I'm going to refrain from commenting on the other points because they're all clearly stated and, at a certain point, my inability to fully wrap my head around the is my own personal issue and not necessarily illuminating for anyone else.
Since you asked . . .
I'm assuming this second storyform within the movie has the following throughlines and domains. I fully expect you to expertly show these as flawed, but do know that I've tried at least to follow the principles you've laid out, however flawed my conclusions.
OS of manipulation (Zemo manipulates everyone into self-destructing: "An empire toppled by its enemies can rise again. But one which crumbles from within? That's dead... forever.")
RS of activity (Almost every scene with Cap and Bucky in it is about the two of them fighting either against each other or together: note the big end clash against Tony where they fight seamlessly together as brothers-in-arms).
MC of situation (Steve is a man ripped from his own time, forced to live in an era where nothing is familiar and everything integral to his life and experience is at odds with everything else around him. His friends are all dead except for Peggy who they make a big deal of killing off in this movie, and Bucky. Take Steve out of 2016 and put him back in his own time – or even back in the ice – and he'd be unstuck.)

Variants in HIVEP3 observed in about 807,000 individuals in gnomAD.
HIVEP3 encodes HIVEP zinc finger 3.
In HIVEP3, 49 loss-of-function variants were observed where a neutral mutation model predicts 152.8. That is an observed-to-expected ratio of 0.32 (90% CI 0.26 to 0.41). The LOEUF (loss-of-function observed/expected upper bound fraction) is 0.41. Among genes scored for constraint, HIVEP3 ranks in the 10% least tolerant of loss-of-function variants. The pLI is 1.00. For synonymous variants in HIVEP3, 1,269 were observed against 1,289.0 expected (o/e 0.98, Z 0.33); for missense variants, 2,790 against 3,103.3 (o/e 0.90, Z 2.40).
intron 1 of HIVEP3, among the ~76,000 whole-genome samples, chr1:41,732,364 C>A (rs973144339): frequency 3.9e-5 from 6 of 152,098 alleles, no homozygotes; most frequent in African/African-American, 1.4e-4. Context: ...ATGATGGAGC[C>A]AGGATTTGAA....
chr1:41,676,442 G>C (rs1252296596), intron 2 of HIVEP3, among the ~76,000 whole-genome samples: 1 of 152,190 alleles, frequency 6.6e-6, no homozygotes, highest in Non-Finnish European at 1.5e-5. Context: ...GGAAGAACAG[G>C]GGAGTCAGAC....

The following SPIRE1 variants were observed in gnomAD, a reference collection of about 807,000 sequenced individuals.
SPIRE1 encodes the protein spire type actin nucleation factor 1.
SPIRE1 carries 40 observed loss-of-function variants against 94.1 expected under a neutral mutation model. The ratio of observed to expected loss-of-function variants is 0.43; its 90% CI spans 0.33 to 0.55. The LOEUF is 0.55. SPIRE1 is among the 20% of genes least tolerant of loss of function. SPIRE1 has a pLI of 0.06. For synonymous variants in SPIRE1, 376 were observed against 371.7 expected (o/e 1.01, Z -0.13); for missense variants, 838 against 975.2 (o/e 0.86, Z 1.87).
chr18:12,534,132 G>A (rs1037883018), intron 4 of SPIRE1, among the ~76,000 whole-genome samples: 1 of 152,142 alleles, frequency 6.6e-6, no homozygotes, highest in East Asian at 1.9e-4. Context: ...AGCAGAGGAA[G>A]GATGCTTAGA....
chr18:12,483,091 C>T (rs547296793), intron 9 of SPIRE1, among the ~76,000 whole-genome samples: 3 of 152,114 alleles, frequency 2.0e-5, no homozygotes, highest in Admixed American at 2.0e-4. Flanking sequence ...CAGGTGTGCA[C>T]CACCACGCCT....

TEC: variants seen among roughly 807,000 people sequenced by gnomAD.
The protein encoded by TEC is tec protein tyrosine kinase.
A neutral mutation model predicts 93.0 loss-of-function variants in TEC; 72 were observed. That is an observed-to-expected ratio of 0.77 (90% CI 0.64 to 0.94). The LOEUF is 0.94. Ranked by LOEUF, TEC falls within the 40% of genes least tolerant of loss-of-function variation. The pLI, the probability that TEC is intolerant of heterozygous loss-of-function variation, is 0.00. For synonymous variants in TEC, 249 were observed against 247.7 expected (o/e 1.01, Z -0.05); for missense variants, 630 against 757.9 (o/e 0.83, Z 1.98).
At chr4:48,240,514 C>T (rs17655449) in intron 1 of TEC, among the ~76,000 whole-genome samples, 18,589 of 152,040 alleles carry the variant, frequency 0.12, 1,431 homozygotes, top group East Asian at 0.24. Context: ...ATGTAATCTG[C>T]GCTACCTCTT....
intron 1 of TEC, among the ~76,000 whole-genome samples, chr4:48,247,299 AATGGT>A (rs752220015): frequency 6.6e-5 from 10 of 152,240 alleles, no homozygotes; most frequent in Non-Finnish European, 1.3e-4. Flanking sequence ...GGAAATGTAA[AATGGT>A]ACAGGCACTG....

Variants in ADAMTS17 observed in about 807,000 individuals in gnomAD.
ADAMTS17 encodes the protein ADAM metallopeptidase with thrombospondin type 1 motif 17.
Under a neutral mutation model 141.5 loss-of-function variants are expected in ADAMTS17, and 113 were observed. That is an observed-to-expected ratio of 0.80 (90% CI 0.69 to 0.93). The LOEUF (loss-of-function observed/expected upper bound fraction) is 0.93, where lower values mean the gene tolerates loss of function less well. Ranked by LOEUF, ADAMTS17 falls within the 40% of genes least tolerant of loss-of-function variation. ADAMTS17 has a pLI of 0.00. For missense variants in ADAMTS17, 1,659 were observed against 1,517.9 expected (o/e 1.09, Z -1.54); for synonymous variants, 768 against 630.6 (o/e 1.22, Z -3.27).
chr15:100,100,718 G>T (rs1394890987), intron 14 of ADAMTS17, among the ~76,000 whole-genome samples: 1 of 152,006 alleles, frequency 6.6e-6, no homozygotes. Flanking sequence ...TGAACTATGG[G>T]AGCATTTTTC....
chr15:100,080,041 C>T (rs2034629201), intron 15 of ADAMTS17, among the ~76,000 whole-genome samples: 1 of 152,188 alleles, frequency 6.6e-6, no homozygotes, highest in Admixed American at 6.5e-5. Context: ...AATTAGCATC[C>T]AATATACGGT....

IC of fixed attitude. You and I have discussed on a number of occasions that it needn't be the IC who is themselves trying to push the MC to change, but that the very fact of their existence or the way others see them can create that pressure. Everyone believes that Bucky is an unredeemable assassin – even Bucky believes that at times. This constantly challenges Steve's view of his oldest friend as a decent and heroic individual.
To now answer your question directly:
Steve's perspective is of the Bucky he knew, and the utter conviction that no amount of brainwashing and conditioning – or even all the terrible things Bucky's done – can change the essential nature. Bucky's perspective is coming from the memories of having killed all those people ("Do you even remember killing my parents?" Tony asks. "I remember everyone I killed," Bucky replies.)
Bucky changes to adopt Steve's point of view. He sees how different he is from the other Winter Soldiers that are still in the tubes at the secret compound (the ones Zemo kills) Bucky goes from believing he has no value as a person, to looking towards a future where maybe he can overcome the terrible controls that were put on him – as we see in the scene in Wakanda.)
You might – might – choose to argue the opposite, I suppose, and say that since Bucky goes into the tube at the end and Steve accepts his decision that it's Steve who's perspective has changed, and he now sees the situation through Bucky's eyes as someone who can't trust their own mind.
Neither of these perspectives is about the Civil War or Zemo's broader manipulations. Both of those aspects of the OS are like looking down at a chess board: who is on what side, what pieces are being moved. Steve and Bucky's perspectives come from the "I" (I'm stuck in the wrong time and I've lost almost everything that was integral to me) and the "You" (The way you insist that the person you were died threatens to take away my one connection to the past).
Let me know if any of that is actually a reasonable application of Dramatica principles!